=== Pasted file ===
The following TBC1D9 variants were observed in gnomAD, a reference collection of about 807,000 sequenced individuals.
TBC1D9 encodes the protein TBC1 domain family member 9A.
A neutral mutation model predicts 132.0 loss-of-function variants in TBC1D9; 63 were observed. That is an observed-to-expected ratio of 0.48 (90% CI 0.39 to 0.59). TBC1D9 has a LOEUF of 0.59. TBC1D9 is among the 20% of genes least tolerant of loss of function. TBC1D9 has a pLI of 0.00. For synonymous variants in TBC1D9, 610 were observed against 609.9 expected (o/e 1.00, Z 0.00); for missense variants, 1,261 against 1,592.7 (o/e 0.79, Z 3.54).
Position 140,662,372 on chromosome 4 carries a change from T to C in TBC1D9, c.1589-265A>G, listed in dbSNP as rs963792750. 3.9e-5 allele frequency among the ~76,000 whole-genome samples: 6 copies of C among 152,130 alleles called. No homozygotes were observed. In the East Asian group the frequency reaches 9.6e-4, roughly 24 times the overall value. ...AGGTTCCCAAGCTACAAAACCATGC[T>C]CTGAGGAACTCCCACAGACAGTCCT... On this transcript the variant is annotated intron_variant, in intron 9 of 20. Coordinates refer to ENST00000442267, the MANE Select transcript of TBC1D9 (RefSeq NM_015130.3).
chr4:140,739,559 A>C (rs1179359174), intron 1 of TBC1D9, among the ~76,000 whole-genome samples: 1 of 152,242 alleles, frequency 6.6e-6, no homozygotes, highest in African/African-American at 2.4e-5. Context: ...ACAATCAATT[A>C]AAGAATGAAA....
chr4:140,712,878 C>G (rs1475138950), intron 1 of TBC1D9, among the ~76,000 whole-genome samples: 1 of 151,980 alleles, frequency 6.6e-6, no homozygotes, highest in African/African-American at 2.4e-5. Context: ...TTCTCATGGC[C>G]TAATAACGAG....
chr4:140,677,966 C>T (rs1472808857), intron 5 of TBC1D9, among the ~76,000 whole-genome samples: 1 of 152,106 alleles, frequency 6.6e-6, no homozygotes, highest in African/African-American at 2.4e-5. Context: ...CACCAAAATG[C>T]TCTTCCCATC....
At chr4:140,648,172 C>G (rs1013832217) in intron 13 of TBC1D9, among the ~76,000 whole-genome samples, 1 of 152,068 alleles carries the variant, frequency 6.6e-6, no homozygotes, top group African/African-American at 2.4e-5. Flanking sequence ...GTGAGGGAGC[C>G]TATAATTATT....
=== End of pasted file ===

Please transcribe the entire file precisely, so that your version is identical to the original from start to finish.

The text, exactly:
The following TBC1D9 variants were observed in gnomAD, a reference collection of about 807,000 sequenced individuals.
TBC1D9 encodes the protein TBC1 domain family member 9A.
A neutral mutation model predicts 132.0 loss-of-function variants in TBC1D9; 63 were observed. That is an observed-to-expected ratio of 0.48 (90% CI 0.39 to 0.59). TBC1D9 has a LOEUF of 0.59. TBC1D9 is among the 20% of genes least tolerant of loss of function. TBC1D9 has a pLI of 0.00. For synonymous variants in TBC1D9, 610 were observed against 609.9 expected (o/e 1.00, Z 0.00); for missense variants, 1,261 against 1,592.7 (o/e 0.79, Z 3.54).
Position 140,662,372 on chromosome 4 carries a change from T to C in TBC1D9, c.1589-265A>G, listed in dbSNP as rs963792750. 3.9e-5 allele frequency among the ~76,000 whole-genome samples: 6 copies of C among 152,130 alleles called. No homozygotes were observed. In the East Asian group the frequency reaches 9.6e-4, roughly 24 times the overall value. ...AGGTTCCCAAGCTACAAAACCATGC[T>C]CTGAGGAACTCCCACAGACAGTCCT... On this transcript the variant is annotated intron_variant, in intron 9 of 20. Coordinates refer to ENST00000442267, the MANE Select transcript of TBC1D9 (RefSeq NM_015130.3).
chr4:140,739,559 A>C (rs1179359174), intron 1 of TBC1D9, among the ~76,000 whole-genome samples: 1 of 152,242 alleles, frequency 6.6e-6, no homozygotes, highest in African/African-American at 2.4e-5. Context: ...ACAATCAATT[A>C]AAGAATGAAA....
chr4:140,712,878 C>G (rs1475138950), intron 1 of TBC1D9, among the ~76,000 whole-genome samples: 1 of 151,980 alleles, frequency 6.6e-6, no homozygotes, highest in African/African-American at 2.4e-5. Context: ...TTCTCATGGC[C>G]TAATAACGAG....
chr4:140,677,966 C>T (rs1472808857), intron 5 of TBC1D9, among the ~76,000 whole-genome samples: 1 of 152,106 alleles, frequency 6.6e-6, no homozygotes, highest in African/African-American at 2.4e-5. Context: ...CACCAAAATG[C>T]TCTTCCCATC....
At chr4:140,648,172 C>G (rs1013832217) in intron 13 of TBC1D9, among the ~76,000 whole-genome samples, 1 of 152,068 alleles carries the variant, frequency 6.6e-6, no homozygotes, top group African/African-American at 2.4e-5. Flanking sequence ...GTGAGGGAGC[C>G]TATAATTATT....